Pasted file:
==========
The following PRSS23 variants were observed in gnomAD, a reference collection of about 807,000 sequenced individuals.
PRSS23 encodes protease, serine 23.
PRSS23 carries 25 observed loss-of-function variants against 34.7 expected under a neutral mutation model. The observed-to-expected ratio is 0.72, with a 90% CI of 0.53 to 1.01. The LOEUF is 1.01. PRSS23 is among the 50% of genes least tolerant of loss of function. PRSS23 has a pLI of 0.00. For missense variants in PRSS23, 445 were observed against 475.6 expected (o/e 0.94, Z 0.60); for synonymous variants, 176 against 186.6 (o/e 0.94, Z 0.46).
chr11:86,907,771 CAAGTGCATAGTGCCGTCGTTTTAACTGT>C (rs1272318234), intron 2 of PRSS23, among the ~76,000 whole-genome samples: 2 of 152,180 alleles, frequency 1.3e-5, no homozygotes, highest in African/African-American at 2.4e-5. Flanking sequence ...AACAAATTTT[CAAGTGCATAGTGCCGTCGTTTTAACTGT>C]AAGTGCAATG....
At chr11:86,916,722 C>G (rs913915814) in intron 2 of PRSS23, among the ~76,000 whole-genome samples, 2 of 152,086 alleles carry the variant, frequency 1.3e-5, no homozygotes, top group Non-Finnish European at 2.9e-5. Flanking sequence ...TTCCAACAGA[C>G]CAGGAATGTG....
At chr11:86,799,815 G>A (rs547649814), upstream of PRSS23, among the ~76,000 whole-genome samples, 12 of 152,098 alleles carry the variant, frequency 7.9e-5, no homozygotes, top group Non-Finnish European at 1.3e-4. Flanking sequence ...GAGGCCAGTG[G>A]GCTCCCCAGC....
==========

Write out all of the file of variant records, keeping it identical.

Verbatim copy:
The following PRSS23 variants were observed in gnomAD, a reference collection of about 807,000 sequenced individuals.
PRSS23 encodes protease, serine 23.
PRSS23 carries 25 observed loss-of-function variants against 34.7 expected under a neutral mutation model. The observed-to-expected ratio is 0.72, with a 90% CI of 0.53 to 1.01. The LOEUF is 1.01. PRSS23 is among the 50% of genes least tolerant of loss of function. PRSS23 has a pLI of 0.00. For missense variants in PRSS23, 445 were observed against 475.6 expected (o/e 0.94, Z 0.60); for synonymous variants, 176 against 186.6 (o/e 0.94, Z 0.46).
chr11:86,907,771 CAAGTGCATAGTGCCGTCGTTTTAACTGT>C (rs1272318234), intron 2 of PRSS23, among the ~76,000 whole-genome samples: 2 of 152,180 alleles, frequency 1.3e-5, no homozygotes, highest in African/African-American at 2.4e-5. Flanking sequence ...AACAAATTTT[CAAGTGCATAGTGCCGTCGTTTTAACTGT>C]AAGTGCAATG....
At chr11:86,916,722 C>G (rs913915814) in intron 2 of PRSS23, among the ~76,000 whole-genome samples, 2 of 152,086 alleles carry the variant, frequency 1.3e-5, no homozygotes, top group Non-Finnish European at 2.9e-5. Flanking sequence ...TTCCAACAGA[C>G]CAGGAATGTG....
At chr11:86,799,815 G>A (rs547649814), upstream of PRSS23, among the ~76,000 whole-genome samples, 12 of 152,098 alleles carry the variant, frequency 7.9e-5, no homozygotes, top group Non-Finnish European at 1.3e-4. Flanking sequence ...GAGGCCAGTG[G>A]GCTCCCCAGC....